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Tuesday, October 23, 2018

Supreme Court restricts bursting of Firecrackers


Supreme Court restricts bursting of Firecrackers

New Delhi: The Supreme Court on Tuesday, 23 October 2018, has allowed sale of firecrackers with conditions across the country, which has the world’s 14 most polluted cities, to curb air pollution ahead of Diwali on November 7.


Imposing a time frame of 8pm to 10pm for bursting firecrackers on Diwali, the top court banned manufacture and sale of all fire crackers except the ones that meet the noise and emission bans specified by the Centre r banned. It also put a blanket ban on online the online sale of fire crackers.


For New Year celebrations the time frame fixed by the SC is 11.55 pm to 12.30 am.


The top court had earlier said all aspects, including the fundamental right of livelihood of firecracker manufacturers and the right to health of over 1.3 billion people in the country, needs to be taken into account while considering a plea for the ban.


It had asked the Centre to suggest measures to be taken to curb the pollution and the effect of firecrackers on the public at large.


The court ruled that firecrackers can be sold only through licensed dealers, while banning online sales. The top court also clarified that the judgment was not confined to Diwali, but holds true for all religious events.

The apex court had earlier said there is a need to take into account all aspects, including the fundamental right of livelihood of firecracker manufacturers and the right to health of over 1.3 billion people in the country, while considering a plea for the ban.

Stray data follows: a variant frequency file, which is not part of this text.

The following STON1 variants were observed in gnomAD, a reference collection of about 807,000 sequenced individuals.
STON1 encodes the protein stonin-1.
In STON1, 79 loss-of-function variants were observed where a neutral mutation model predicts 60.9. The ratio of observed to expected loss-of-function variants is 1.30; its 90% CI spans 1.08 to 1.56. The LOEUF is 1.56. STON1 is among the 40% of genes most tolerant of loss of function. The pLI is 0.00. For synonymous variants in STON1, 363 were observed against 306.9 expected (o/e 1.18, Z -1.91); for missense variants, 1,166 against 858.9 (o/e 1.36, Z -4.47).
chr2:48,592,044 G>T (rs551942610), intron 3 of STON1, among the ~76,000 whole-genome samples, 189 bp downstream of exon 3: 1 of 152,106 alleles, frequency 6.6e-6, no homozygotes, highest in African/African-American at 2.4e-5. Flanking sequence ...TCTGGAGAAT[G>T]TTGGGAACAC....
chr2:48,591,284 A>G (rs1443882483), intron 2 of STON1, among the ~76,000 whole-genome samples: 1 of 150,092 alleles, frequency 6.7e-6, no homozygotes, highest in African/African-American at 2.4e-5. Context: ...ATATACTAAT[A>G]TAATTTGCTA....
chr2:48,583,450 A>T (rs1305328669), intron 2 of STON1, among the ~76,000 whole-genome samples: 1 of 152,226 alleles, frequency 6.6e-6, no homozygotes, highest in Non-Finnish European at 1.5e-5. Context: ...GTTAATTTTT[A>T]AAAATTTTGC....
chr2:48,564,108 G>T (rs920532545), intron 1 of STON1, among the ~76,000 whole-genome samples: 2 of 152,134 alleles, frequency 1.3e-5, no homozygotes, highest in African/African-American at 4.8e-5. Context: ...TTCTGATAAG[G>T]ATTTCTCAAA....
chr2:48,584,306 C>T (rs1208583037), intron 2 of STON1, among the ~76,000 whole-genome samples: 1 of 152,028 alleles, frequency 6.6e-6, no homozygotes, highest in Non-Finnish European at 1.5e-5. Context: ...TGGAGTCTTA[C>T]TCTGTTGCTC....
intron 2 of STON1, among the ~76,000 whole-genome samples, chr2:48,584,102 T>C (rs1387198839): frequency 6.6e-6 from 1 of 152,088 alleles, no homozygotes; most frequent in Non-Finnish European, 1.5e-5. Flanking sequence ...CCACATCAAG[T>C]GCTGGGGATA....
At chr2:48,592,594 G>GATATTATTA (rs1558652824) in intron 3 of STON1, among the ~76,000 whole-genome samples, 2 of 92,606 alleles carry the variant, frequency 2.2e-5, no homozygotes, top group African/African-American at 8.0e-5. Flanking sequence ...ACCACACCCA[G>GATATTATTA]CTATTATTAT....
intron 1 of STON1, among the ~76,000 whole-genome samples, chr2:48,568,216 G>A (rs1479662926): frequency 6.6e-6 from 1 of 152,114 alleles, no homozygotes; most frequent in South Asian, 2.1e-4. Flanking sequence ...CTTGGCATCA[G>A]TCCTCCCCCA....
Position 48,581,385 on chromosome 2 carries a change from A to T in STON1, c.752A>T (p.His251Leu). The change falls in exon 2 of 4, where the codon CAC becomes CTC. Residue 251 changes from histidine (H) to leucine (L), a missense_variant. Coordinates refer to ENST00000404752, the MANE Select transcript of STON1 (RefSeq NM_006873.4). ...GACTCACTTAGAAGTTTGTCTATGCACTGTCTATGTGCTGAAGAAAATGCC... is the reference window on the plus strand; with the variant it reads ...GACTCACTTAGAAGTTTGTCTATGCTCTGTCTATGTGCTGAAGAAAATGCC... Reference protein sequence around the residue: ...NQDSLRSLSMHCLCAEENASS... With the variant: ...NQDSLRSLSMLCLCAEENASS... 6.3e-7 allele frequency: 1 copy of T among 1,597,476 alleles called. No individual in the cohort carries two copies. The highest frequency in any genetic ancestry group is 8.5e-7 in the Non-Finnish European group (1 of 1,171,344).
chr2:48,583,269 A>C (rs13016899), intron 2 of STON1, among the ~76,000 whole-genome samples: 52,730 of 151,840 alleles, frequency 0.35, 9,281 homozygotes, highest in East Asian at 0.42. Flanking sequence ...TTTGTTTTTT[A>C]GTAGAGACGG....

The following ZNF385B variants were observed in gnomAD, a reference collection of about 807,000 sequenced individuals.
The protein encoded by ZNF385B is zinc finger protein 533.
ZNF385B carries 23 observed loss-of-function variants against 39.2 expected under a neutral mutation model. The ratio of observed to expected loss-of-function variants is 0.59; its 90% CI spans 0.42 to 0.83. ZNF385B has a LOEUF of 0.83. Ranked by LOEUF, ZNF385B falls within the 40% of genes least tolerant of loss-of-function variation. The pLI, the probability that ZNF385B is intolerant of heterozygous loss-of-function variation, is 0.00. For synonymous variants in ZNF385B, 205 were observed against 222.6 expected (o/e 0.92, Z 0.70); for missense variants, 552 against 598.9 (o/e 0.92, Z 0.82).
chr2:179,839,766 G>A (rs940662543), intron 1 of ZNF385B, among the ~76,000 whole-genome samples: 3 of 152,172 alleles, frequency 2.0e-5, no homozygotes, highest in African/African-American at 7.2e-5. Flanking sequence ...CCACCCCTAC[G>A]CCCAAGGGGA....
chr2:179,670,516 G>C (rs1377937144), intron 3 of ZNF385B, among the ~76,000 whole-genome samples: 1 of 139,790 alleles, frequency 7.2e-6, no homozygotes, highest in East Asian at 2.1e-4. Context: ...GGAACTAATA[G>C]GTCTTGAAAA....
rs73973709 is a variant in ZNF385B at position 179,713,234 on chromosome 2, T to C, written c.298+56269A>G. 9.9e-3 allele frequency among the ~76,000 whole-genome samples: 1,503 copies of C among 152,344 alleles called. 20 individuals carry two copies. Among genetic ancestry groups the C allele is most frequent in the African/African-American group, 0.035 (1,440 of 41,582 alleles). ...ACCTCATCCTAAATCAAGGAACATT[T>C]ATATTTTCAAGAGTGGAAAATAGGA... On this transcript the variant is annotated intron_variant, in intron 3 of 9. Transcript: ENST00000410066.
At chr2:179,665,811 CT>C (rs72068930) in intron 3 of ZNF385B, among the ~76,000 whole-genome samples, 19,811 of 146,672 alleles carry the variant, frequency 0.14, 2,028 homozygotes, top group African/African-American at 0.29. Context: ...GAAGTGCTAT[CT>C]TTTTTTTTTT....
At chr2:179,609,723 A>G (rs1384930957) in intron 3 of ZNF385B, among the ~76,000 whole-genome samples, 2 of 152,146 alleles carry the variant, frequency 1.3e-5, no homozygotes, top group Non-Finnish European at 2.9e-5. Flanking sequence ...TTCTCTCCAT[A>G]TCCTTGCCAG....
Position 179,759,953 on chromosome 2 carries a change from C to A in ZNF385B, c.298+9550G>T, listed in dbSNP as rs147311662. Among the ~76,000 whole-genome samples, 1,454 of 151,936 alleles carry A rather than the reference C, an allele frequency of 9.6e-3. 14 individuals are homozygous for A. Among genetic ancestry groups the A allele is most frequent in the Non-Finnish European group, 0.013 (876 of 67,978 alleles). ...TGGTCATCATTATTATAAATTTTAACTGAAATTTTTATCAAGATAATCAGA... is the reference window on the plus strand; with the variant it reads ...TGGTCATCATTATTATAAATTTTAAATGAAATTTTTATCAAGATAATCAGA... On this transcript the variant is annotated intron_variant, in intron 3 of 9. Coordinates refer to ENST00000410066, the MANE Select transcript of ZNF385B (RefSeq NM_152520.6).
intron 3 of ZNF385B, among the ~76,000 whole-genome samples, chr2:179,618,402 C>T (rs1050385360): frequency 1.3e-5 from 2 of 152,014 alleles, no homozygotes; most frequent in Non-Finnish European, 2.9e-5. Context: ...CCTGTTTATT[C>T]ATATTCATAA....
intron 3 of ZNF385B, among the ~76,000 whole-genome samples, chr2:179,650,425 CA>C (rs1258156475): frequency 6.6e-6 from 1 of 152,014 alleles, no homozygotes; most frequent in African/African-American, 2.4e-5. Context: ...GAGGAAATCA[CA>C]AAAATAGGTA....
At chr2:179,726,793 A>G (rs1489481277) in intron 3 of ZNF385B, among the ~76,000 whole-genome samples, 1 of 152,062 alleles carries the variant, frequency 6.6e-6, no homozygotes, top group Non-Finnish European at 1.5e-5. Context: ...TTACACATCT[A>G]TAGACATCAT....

The top court had said the Article 21 (right to life) of Constitution applies to both segments of people and it needs to maintain a balance while considering a countrywide ban on firecrackers.

It had asked Centre to suggest measures to be taken for curbing the pollution and what will be the effect of firecrackers on the public at large.

Manufacturers earlier told the court that the use of firecrackers should not be completely banned and it should instead be strictly regulated. They said firecrackers are not the reason for the increase in air pollution and there are other factors, like wind and temperature, which contribute to it.


The top court had temporarily banned the sale of firecrackers ahead of Diwali on October 9 last year. It had later refused to relax its order while dismissing a plea by traders, who had sought permission to sell crackers for at least a day or two before Diwali on October 19, 2017.


India’s poor air quality causes over one million premature deaths every year, according to a joint report by two US-based health research institutes earlier this year. Delhi’s Air Quality Index (AQI) continued to be ‘very poor’ on Monday with an average reading of 318 of PM (particulate matter) 2.5 at 9 am, according to data of System of Air Quality and Weather Forecasting And Research (SAFAR).

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